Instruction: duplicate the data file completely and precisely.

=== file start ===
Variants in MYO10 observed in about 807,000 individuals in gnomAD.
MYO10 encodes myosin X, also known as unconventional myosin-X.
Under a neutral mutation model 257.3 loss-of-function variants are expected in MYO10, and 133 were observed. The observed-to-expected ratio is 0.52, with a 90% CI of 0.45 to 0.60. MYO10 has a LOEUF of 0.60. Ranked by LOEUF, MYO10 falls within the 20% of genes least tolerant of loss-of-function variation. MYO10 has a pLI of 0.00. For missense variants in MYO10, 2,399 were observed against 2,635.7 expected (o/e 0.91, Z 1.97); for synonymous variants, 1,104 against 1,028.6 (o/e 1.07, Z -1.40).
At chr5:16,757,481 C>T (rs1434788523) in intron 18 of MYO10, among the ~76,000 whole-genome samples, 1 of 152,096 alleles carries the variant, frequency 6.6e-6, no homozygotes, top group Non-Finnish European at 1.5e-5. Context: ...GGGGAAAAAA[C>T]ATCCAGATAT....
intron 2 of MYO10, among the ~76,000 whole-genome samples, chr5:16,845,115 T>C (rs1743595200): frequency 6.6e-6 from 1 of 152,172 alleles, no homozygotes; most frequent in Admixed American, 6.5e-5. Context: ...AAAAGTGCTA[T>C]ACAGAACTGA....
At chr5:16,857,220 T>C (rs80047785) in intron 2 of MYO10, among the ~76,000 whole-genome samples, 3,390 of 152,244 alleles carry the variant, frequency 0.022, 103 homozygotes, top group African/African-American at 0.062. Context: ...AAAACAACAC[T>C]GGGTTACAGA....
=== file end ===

Variants in MYO10 observed in about 807,000 individuals in gnomAD.
MYO10 encodes myosin X, also known as unconventional myosin-X.
Under a neutral mutation model 257.3 loss-of-function variants are expected in MYO10, and 133 were observed. The observed-to-expected ratio is 0.52, with a 90% CI of 0.45 to 0.60. MYO10 has a LOEUF of 0.60. Ranked by LOEUF, MYO10 falls within the 20% of genes least tolerant of loss-of-function variation. MYO10 has a pLI of 0.00. For missense variants in MYO10, 2,399 were observed against 2,635.7 expected (o/e 0.91, Z 1.97); for synonymous variants, 1,104 against 1,028.6 (o/e 1.07, Z -1.40).
At chr5:16,757,481 C>T (rs1434788523) in intron 18 of MYO10, among the ~76,000 whole-genome samples, 1 of 152,096 alleles carries the variant, frequency 6.6e-6, no homozygotes, top group Non-Finnish European at 1.5e-5. Context: ...GGGGAAAAAA[C>T]ATCCAGATAT....
intron 2 of MYO10, among the ~76,000 whole-genome samples, chr5:16,845,115 T>C (rs1743595200): frequency 6.6e-6 from 1 of 152,172 alleles, no homozygotes; most frequent in Admixed American, 6.5e-5. Context: ...AAAAGTGCTA[T>C]ACAGAACTGA....
At chr5:16,857,220 T>C (rs80047785) in intron 2 of MYO10, among the ~76,000 whole-genome samples, 3,390 of 152,244 alleles carry the variant, frequency 0.022, 103 homozygotes, top group African/African-American at 0.062. Context: ...AAAACAACAC[T>C]GGGTTACAGA....